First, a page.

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Final Comprehensive Conservation Plan for Souris River Basin National Wildlife Refuges, North Dakota

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Information about this document as published in the Federal Register.

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Fish and Wildlife Service, Interior.


Notice of availability.


The U.S. Fish and Wildlife Service (Service) announces that the final Comprehensive Conservation Plan (CCP) and Environmental Assessment (EA) for the Souris River basin national wildlife refuges (Refuges) is available. This final CCP/EA describes how the Service intends to manage the refuges for the next 15 years.


Please provide written comments to Toni Griffin, Planning Team Leader, Division of Refuge Planning, P.O. Box 25486, Denver Federal Center, Denver, Colorado 80225, or electronically to A copy of the CCP may be obtained by writing to U.S. Fish and Wildlife Service, Division of Refuge Planning, 134 Union Boulevard, Suite 300, Lakewood, Colorado 80228; or by download from <​planning>.

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Toni Griffin, 303-236-4378 (phone); 303-236-4792 (fax); or (e-mail).

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The Souris River Basin is home to three national wildlife refuges, known collectively as the “Souris River basin refuges:”

  • Des Lacs National Wildlife Refuge, along 28 miles of the Des Lacs River.
  • J. Clark Salyer National Wildlife Refuge, along 50 miles of the Souris River.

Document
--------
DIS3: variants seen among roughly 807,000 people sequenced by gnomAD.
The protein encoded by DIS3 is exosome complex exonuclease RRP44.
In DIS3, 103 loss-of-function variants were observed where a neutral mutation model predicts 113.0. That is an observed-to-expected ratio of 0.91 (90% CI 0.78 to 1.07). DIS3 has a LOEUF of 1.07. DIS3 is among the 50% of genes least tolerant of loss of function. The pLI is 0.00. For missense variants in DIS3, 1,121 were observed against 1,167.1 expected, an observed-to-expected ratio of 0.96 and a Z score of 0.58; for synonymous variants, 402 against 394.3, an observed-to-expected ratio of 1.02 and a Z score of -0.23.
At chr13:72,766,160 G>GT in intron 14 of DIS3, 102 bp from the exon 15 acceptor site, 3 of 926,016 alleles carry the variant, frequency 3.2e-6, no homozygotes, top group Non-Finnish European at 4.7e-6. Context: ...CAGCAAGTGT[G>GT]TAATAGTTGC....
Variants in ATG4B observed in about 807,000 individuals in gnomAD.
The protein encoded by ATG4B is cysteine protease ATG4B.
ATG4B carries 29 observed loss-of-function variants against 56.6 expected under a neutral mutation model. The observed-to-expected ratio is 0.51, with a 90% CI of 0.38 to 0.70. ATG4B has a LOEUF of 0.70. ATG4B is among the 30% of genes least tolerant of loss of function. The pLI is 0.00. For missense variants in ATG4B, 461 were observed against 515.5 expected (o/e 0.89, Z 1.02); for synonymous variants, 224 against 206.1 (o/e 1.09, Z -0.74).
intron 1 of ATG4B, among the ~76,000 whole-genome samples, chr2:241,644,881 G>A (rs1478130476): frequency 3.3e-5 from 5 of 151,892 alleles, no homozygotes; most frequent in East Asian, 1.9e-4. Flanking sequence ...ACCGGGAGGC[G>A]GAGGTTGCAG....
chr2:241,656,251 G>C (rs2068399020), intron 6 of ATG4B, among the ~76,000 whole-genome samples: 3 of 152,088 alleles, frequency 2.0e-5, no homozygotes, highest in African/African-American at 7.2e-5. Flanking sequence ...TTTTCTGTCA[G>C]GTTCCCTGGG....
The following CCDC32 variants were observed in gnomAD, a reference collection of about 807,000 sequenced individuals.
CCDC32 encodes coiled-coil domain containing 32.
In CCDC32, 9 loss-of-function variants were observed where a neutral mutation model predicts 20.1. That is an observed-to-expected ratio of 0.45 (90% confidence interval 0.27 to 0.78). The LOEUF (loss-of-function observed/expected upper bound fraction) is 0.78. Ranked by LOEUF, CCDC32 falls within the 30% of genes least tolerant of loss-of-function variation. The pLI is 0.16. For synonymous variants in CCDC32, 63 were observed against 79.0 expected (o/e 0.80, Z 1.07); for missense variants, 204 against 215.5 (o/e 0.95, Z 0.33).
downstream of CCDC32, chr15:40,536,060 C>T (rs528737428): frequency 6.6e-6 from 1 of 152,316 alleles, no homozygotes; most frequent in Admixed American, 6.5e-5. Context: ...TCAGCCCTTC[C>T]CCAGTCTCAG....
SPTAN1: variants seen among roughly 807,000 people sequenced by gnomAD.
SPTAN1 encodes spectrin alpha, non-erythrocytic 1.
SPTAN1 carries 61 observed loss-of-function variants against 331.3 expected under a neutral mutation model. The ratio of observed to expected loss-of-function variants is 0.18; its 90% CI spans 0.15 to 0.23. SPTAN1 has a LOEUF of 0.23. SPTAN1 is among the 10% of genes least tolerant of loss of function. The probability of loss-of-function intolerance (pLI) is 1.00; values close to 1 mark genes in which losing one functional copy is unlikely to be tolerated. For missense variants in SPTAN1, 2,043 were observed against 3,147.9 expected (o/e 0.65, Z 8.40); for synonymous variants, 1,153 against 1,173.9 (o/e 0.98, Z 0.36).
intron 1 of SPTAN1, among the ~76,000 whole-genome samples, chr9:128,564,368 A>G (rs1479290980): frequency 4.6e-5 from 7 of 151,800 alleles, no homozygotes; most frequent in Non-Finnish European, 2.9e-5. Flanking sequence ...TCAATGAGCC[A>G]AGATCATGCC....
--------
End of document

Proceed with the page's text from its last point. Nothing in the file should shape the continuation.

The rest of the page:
• Upper Souris National Wildlife Refuge, along 35 miles of the upper Souris River.

The Souris River basin refuges were established by executive order in 1935; the purpose of each refuge is for a “refuge and breeding ground for migratory birds and other wildlife.”

The Souris River basin refuges are located in a critical area of the Central Flyway, providing nesting and breeding habitat for migrating and nesting waterfowl. The J. Clark Salyer National Wildlife Refuge, in particular, has developed into one of the most important duck production areas in the United States.

The American Bird Conservancy recognizes all three refuges as “Globally Important Bird Areas.” In addition, J. Clark Salyer National Wildlife Refuge is designated as a regional shorebird site in the “Western Hemisphere Shorebird Reserve Network.” Lake Darling at Upper Souris National Wildlife Refuge is designated critical habitat for the federally threatened piping plover.

Representing a comprehensive collection of all North Dakota plant communities, these refuges could contain the only remaining representatives of drift plain prairie, considered a threatened resource.

The draft CCP/EA was made available to the public for a 30-day review and comment period following the announcement in the Federal Register on February 2, 2007 (72 FR 5080-5081). The draft CCP/EA identified and evaluated four alternatives for managing the refuges for the next 15 years.